Our villages are dying

NIGEL CURRY reflects on damage inflicted by town and country planning.

Since World War Two we have had an ethic of ‘no development’ in the countryside, born of a wartime need to tackle food shortages.

"Every agricultural acre counts," the Scott Report declared at the time. A "clear national need" should be shown before anyone could build anything in rural areas, it added.

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Policymakers prefer urban developments
Since the mid 1980s we have actually had considerable food surpluses across the EU, but the no development ethic has endured. The now indefensible food security argument gave way to that of environmental quality.

"Planning should resist the loss of our finest countryside to development," as our prevailing national Planning Policy Statement (PPS 1) tells us.

And from the mid 1990s this no rural development ethic was reinforced by the need for us all to be sustainable. In PPS terms, this means reducing the need to travel by car, travelling more by bike, public transport and on foot.

It also means living at increasing densities and allowing development wherever possible only on brownfield or previously developed land.

According to these precepts, sustainable development is urban development, conveniently ignoring all of the natural resource advantages of rural areas - food, timber, energy - for achieving sustainable development goals.

It doesn’t stop there. Our housing PPS is strong and negative for rural areas: there will be no housing development except for a bit of infill.

Our rural economy PPS is weak and ambivalent: a few businesses here and there, but don’t forget, the environment is the most important thing. For sustainability, these are the wrong way round. Housing should ‘follow’ employment opportunities.

If housing is the dominant policy, we just encourage commuting. So the no development ethic endures, but what is its impact on rural areas?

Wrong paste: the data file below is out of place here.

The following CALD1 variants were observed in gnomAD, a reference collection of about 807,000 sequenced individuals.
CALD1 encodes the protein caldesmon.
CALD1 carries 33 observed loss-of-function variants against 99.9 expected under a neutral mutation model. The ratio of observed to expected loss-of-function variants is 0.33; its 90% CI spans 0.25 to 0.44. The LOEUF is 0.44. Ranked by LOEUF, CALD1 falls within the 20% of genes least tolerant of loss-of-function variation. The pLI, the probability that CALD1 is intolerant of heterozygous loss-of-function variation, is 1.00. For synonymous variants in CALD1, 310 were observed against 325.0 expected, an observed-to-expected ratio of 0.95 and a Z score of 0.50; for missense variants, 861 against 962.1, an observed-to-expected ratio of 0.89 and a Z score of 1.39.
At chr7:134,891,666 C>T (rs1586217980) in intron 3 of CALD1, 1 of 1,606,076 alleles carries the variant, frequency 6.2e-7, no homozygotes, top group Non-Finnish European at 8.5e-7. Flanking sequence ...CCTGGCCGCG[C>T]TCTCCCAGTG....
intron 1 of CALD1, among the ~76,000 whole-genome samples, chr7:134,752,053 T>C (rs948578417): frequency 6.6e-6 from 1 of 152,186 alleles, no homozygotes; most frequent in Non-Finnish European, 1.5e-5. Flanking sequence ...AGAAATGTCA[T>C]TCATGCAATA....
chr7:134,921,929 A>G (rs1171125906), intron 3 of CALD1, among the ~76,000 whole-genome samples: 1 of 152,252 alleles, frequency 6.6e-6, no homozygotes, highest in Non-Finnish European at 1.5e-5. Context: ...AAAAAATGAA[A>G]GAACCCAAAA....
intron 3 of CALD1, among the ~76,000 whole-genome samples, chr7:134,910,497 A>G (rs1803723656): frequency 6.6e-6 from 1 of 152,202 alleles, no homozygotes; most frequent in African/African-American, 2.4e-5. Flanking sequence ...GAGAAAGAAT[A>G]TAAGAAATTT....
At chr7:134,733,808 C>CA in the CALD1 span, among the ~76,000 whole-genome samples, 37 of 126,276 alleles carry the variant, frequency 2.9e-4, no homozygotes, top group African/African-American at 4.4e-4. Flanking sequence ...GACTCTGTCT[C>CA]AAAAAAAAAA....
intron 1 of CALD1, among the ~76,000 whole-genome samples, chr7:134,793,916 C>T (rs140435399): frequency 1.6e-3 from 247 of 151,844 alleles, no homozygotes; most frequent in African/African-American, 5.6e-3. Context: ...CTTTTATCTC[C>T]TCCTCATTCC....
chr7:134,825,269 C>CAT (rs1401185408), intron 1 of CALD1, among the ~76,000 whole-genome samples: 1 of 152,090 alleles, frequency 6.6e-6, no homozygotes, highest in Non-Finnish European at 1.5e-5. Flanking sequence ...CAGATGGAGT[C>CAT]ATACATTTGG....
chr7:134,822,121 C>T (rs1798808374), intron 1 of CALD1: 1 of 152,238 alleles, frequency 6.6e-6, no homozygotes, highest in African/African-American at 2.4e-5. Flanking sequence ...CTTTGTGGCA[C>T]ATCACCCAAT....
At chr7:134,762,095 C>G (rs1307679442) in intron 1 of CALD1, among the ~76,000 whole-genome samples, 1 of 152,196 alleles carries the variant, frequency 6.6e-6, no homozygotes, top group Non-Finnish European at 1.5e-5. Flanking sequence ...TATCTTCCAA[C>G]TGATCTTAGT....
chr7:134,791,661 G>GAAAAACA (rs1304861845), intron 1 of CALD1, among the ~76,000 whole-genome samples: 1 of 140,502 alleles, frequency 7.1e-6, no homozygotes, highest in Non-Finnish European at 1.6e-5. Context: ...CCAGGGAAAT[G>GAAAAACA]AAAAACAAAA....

First, we have a considerable rural land surplus.

We have actually been paying farmers for over 20 years to leave land idle (set-aside) when it could be put to much better economic uses (and therefore not costing the taxpayer).

There is little that can be developed on brownfield land that cannot be developed on greenfield land and anyway the reason for a priority of brown over green is never clearly stated in policy.

The hue of the land is just too blunt an instrument. "Protecting" the countryside from development is also a misnomer.

The most popular places to visit on our trips to the countryside are our English villages. We flock to Lavenham, Widecombe, Stow on the Wold, Hexham and the like, precisely because of their rural built form.

We love buildings in the countryside.

But the real problem with planning polices for rural areas is that they are killing them off as communities. The planning preoccupation with CO2 emissions is overwhelming more subtle sustainability criteria.

As a result many smaller rural settlements actually are becoming progressively less sustainable both socially and economically.

Not allowing new employment opportunities in rural areas deprives people of a livelihood. Not allowing housing in villages without services will never bring back those services.

A lack of affordable homes drives rural people into towns. And all of this creates a downward spiral.

Local facilities become eroded.

Services in villages, (shops, health care, child care training) wither. And those who suffer most, of course, are the young and elderly people and those who are socially and physically most isolated.

Planning now needs to think what sustainable development means for rural areas, putting people at its core.

Professor Curry is director of the Countryside and Community Research Institute, a joint Institute of the Universities of the West of England and of Gloucestershire.

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